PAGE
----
Maya MacGuineas is President of the Committee for a Responsible Federal Budget (CRFB). This is the right-wing organization that pretends federal taxes grow the economy because the economy has too much money.
Yes, that is what they really believe. They want taxes increased and/or federal spending decreased, both of which remove dollars from the economy.
It’s nuts, I know, but the CRFB has a big following among the politicians and other mentally and morally challenged.
MacGuineas is forever being invited to speak to such people, and her articles are widely published, apparently because people love Stephen King, Edgar Allen Poe, and other writers of horror fiction.
Unlike them, she is not a particularly good writer. For instance, consider the opening paragraph of her September 10, 2017, Washington Post article, titled “Don’t Get Rid of the Debt Ceiling. Reform It.”
As has happened more than 100 times before, Congress just raised the debt ceiling, the legal amount our government can borrow.
In the past, this act has occurred smoothly, and on many occasions, it has been used productively to spur fiscal efforts from budget deals to process reforms to the creation of a fiscal commission.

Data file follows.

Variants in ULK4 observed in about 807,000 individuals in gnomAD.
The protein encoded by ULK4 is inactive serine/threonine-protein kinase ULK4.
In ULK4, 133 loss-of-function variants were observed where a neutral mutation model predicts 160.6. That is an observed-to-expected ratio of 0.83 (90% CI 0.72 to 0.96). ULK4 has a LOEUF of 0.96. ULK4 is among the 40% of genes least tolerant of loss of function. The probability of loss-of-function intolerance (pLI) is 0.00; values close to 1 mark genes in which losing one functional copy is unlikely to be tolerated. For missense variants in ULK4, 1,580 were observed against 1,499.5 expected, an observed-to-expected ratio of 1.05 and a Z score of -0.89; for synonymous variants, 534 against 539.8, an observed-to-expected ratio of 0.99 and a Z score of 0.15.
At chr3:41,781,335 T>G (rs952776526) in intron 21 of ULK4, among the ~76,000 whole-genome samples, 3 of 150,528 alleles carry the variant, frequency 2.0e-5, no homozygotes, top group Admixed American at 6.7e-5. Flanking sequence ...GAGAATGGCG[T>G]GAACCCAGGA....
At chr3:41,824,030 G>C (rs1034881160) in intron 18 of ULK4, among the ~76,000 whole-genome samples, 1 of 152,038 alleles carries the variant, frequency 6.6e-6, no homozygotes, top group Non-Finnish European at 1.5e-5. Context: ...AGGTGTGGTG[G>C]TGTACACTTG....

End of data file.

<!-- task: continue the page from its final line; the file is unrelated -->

The first paragraph tacitly admits that the debt ceiling is useless.
It is based on “total debt,” of which about 25% is money the federal government owes to itself, i.e. one federal agency owes another federal agency.
More importantly, it does not do what it purports to do, i.e. limit federal spending. Congress and the President not only determine federal spending, but they set the debt ceiling.
It’s a process identical with you buying a $20,000 car and then, after the papers have been signed and you have driven off, you decide how much you will pay. That is the nonsensical debt ceiling.
And then there is the second paragraph, replete with five prepositional clauses and two infinities, all of which mean . . . what? What is Maya trying to say with that garbled mess?
Does she mean the purpose of the debt ceiling is to create a “fiscal commission,” whatever that may be? Or is the purpose to create “budget deals,” which Congress does without debt ceilings, every day it is in session?
If she means that in the past the debt ceiling was good and now it’s bad, she is wrong. It never was good.